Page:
Dinosaurs » Conclusion
There has been no settlement to the issue so far, and no clear one is foreseeable. Both sides claim to hold the majority of proponents in science; it seems that (greatly over- generalizing) many paleontologists lean towards the intrinsic side, while many astronomers and physicists favor the extrinsic side, and geologists are probably evenly split between the two.
All of the evidence cited for the extrinsic catastrophist side is claimed as evidence by the intrinsic gradualists for their side or against the opposite side- volcanoes could create the iridium layer, shocked quartz, soot, and impact ejecta; the makeup of the iridium layer is not uniform in all areas, so it could be meaningless; and so on.
The main problem with both hypotheses is the issue of the selectivity of the mass extinction; some organisms were wiped out, while others were unaffected. Can climate change really explain the differential selectivity of the K-T event? The lack of understanding of the physiology of dinosaurs makes the issue more complex; if they were endothermic, why did they not survive like birds and mammals? If they were ectothermic, why did small dinosaurs not survive like small reptiles?
Also, many studies have focused on the extinction of dinosaurs alone, and have forgotten about the more substantial marine ecosystem collapse. The fossil record suggests that some marine reptiles died out several million years prior to the K-T boundary.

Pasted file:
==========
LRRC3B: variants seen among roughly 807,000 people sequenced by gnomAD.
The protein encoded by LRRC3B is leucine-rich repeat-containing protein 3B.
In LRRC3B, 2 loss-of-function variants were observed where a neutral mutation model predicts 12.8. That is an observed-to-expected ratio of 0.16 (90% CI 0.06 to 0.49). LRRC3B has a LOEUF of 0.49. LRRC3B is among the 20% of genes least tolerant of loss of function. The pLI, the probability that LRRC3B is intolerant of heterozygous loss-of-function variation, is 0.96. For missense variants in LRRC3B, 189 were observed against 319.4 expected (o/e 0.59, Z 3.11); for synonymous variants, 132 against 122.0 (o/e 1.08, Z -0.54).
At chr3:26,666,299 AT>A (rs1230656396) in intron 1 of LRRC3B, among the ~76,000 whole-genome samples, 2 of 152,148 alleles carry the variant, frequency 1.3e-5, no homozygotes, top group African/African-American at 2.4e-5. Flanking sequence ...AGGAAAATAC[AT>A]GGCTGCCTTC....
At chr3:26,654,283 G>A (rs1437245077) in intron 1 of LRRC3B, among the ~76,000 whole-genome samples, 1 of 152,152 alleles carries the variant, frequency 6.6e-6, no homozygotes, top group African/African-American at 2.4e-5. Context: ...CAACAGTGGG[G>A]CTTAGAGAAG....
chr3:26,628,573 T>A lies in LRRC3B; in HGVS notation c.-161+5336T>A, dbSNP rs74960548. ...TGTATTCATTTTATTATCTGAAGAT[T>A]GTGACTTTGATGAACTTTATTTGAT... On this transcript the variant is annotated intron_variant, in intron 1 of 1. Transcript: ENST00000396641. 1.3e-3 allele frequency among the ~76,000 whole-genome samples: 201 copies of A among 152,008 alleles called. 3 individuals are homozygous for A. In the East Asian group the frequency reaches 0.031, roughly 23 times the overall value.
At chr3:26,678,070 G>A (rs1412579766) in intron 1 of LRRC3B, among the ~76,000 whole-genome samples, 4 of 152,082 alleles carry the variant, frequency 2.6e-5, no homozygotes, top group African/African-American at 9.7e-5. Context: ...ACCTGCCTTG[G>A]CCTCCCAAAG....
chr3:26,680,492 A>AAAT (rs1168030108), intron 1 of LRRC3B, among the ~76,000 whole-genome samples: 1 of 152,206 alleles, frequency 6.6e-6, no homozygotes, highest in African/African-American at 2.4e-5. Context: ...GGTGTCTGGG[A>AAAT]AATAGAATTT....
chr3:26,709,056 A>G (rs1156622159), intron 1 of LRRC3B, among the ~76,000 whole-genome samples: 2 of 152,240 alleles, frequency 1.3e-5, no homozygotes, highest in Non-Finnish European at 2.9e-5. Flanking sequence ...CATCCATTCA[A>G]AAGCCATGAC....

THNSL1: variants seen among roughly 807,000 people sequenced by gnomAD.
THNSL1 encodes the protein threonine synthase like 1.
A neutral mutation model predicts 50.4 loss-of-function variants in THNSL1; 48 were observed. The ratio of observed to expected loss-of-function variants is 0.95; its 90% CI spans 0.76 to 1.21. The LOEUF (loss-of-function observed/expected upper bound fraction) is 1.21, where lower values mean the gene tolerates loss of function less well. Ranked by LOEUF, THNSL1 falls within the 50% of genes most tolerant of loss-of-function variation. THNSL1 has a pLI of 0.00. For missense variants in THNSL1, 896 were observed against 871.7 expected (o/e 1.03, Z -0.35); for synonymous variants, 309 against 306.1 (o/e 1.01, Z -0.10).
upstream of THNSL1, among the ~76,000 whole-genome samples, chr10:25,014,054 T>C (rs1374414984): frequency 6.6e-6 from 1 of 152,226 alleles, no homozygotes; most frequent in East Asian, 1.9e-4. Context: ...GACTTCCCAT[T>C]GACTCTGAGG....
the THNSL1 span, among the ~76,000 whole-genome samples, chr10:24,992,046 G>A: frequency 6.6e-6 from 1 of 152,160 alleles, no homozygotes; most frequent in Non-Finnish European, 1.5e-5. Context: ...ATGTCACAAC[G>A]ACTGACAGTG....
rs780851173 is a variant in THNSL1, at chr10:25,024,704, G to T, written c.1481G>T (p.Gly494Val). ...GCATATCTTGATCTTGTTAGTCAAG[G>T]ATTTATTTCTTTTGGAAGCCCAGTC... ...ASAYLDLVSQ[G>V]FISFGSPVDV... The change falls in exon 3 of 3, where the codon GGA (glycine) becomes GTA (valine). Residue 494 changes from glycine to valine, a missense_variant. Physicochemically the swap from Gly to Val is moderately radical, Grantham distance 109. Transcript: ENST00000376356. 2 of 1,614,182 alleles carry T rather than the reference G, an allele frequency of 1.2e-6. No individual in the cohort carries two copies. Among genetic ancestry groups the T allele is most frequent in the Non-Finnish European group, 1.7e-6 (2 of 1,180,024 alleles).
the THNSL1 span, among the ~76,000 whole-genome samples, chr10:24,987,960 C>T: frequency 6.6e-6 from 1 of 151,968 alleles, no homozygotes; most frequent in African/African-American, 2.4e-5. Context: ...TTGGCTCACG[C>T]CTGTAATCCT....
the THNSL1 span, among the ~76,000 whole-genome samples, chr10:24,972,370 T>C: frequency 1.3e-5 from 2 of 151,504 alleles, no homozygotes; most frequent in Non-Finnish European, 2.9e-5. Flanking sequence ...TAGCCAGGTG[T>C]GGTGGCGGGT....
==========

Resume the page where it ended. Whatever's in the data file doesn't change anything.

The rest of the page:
Other major problems with the issue are that it is not easy to prove (test) causation (as noted before), and that most of the ages of the rocks that different evidence comes from are questionable.
The two main schools of thought are split fairly evenly among scientists familiar with them. Either an intrinsic or extrinsic cause for the extinction would have complex biotic effects on ecosystems which would look confusing in the fossil record. There could well have been different, even separate extinctions in the oceans and on land; the marine fossil record does support a slightly rapid decline, while the terrestrial record (especially in North America) strongly suggests a more gradual decline (but again, has a fragmentary fossil record). If an extraterrestrial impact occurred during a gradual decline, which might explain the seemingly contradictory evidence. If looking for an opinion from a paleontologist's point of view, it seems that the simplest explanation is that the climatic changes induced by the shifting continents and the regression of the continental seaways were the ultimate cause (at least in North America), but this has not been (and may not ever be) proven. There is much work to be done, and much value to this work -- understanding the K-T extinction would help us to understand mass extinctions in general, and might provide a glimpse into the fleeting, evanescent nature of our own mortality.